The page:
dr_strangelove Check TheEmu's review, pretty spot on. As far as an opening set of music to a crowd that may be unfamiliar with Phish, they did a great job of playing everything well and with energy. As far as essential Phish, however, this can safely (and for good reason) be put on the backburner. Highlights: 1) [u]Reba[/u]: Well played, straightforward, and reaches a nice, if standard, peak. 2) [u]Maze[/u]: Mama mia, rage city! Wish I knew what that Italian crowd was thinking! 3) [u]Hood[/u]: Nice build and peak where Trey holds on a note for an uncomfortably beautiful amount of time
, attached to 1989-05-14

Review by Reelife_Tom

Reelife_Tom Sunday, May 14, 1989- was planned to be in the Southwest area quad and called The Southwest Spring Concert. (Not Campus Pond as noted above) but moved to parking lot due to heavy rain. There were skydivers that parachuted into the show... I was a member of the Southwest area concert committee and I contacted John Paluska yo get Phish to play at this show. I helped coordinate their contract...I got the band's autographs (Fishman signed his “John Hancock- since I asked for their :”John hancocks) and photos of them on stage. They opened up for (!) Canned Heat. Other performances were by The Incredible Casuals & Atlantic Steel Drum Band.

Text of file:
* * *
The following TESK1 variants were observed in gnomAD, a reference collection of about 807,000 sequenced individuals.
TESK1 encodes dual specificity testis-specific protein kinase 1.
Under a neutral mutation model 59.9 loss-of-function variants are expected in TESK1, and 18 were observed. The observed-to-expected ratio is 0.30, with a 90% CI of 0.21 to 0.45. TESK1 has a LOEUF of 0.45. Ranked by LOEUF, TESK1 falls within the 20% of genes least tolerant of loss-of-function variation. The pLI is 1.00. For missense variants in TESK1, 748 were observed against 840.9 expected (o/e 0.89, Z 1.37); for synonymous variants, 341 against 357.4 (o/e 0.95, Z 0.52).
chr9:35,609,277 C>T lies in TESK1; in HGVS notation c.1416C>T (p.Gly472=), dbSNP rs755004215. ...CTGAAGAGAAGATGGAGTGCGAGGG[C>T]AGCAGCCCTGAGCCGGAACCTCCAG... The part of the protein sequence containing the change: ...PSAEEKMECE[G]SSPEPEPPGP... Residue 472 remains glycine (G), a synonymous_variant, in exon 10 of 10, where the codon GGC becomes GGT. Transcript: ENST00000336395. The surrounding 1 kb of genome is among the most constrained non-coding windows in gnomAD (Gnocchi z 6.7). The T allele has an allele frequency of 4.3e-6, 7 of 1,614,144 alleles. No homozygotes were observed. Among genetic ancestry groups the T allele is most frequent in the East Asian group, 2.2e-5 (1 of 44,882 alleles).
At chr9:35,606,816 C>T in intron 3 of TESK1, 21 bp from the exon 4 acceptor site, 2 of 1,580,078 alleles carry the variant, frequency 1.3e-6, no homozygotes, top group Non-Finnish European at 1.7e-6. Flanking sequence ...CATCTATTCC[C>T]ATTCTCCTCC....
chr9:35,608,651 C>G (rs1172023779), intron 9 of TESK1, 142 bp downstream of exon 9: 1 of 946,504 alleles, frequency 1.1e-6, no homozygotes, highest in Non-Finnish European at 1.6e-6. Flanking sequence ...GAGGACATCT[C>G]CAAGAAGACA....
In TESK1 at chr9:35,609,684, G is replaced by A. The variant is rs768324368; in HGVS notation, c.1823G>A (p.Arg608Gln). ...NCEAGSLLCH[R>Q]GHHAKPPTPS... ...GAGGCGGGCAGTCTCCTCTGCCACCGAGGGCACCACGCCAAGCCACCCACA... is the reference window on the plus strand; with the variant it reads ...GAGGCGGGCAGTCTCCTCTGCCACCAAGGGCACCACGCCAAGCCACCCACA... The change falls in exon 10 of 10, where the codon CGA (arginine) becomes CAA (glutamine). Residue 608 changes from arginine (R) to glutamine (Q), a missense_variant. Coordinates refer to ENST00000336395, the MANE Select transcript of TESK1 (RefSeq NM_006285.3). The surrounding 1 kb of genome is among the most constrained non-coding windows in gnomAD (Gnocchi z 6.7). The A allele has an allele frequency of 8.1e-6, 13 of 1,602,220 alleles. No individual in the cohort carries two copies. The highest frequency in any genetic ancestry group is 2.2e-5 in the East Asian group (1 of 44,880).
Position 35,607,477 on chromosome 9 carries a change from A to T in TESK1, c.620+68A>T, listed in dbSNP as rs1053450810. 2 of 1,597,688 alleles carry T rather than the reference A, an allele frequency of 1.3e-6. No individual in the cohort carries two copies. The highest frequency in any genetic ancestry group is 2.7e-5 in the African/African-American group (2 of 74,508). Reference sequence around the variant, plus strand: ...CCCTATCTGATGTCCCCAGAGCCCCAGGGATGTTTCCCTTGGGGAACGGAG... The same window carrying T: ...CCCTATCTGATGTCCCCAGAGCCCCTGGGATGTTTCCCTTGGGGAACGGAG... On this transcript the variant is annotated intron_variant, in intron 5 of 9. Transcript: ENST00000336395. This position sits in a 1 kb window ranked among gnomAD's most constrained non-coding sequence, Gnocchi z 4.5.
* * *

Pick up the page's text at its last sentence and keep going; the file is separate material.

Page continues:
, attached to 1998-07-17

Review by TooManyUrkels

TooManyUrkels No matter how you slice it, this show deserves 5 stars and to be rated at least a 4.6 overall. Legit just came to leave this review and drop 5 stars here when I noticed it fell below 4.6. Absolutely filthy the whole way through. Set I is a blast top to bottom. Ya Mar > Sky are where the jams lie and each one is as thick and chunky as they come. Set II is legendary for a reason. Just nonstop groove. Fishman's the obvious MVP here. Pocket so deep. How this show hasn't been released on LivePhish yet is beyond me. I'm pining for sweet remastered audio of this iconic show.